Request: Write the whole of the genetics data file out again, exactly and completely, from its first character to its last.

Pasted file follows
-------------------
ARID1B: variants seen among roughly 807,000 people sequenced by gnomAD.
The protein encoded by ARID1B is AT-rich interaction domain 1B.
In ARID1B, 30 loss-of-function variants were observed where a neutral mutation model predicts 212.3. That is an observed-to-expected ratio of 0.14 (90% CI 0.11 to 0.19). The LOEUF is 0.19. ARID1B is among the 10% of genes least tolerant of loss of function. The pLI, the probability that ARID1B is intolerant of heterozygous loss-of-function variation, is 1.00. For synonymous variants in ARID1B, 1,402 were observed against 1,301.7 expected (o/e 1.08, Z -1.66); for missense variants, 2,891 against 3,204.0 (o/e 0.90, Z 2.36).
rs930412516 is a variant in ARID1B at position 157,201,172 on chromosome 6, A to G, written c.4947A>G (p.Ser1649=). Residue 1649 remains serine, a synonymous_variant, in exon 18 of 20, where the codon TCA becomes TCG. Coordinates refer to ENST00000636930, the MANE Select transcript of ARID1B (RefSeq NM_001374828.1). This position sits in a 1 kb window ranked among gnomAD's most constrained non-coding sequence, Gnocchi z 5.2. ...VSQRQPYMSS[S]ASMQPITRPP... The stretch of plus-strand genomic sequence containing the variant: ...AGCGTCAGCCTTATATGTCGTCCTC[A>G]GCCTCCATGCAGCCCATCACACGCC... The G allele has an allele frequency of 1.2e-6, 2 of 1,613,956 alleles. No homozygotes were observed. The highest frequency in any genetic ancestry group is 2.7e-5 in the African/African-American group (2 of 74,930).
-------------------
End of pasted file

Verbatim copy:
ARID1B: variants seen among roughly 807,000 people sequenced by gnomAD.
The protein encoded by ARID1B is AT-rich interaction domain 1B.
In ARID1B, 30 loss-of-function variants were observed where a neutral mutation model predicts 212.3. That is an observed-to-expected ratio of 0.14 (90% CI 0.11 to 0.19). The LOEUF is 0.19. ARID1B is among the 10% of genes least tolerant of loss of function. The pLI, the probability that ARID1B is intolerant of heterozygous loss-of-function variation, is 1.00. For synonymous variants in ARID1B, 1,402 were observed against 1,301.7 expected (o/e 1.08, Z -1.66); for missense variants, 2,891 against 3,204.0 (o/e 0.90, Z 2.36).
rs930412516 is a variant in ARID1B at position 157,201,172 on chromosome 6, A to G, written c.4947A>G (p.Ser1649=). Residue 1649 remains serine, a synonymous_variant, in exon 18 of 20, where the codon TCA becomes TCG. Coordinates refer to ENST00000636930, the MANE Select transcript of ARID1B (RefSeq NM_001374828.1). This position sits in a 1 kb window ranked among gnomAD's most constrained non-coding sequence, Gnocchi z 5.2. ...VSQRQPYMSS[S]ASMQPITRPP... The stretch of plus-strand genomic sequence containing the variant: ...AGCGTCAGCCTTATATGTCGTCCTC[A>G]GCCTCCATGCAGCCCATCACACGCC... The G allele has an allele frequency of 1.2e-6, 2 of 1,613,956 alleles. No homozygotes were observed. The highest frequency in any genetic ancestry group is 2.7e-5 in the African/African-American group (2 of 74,930).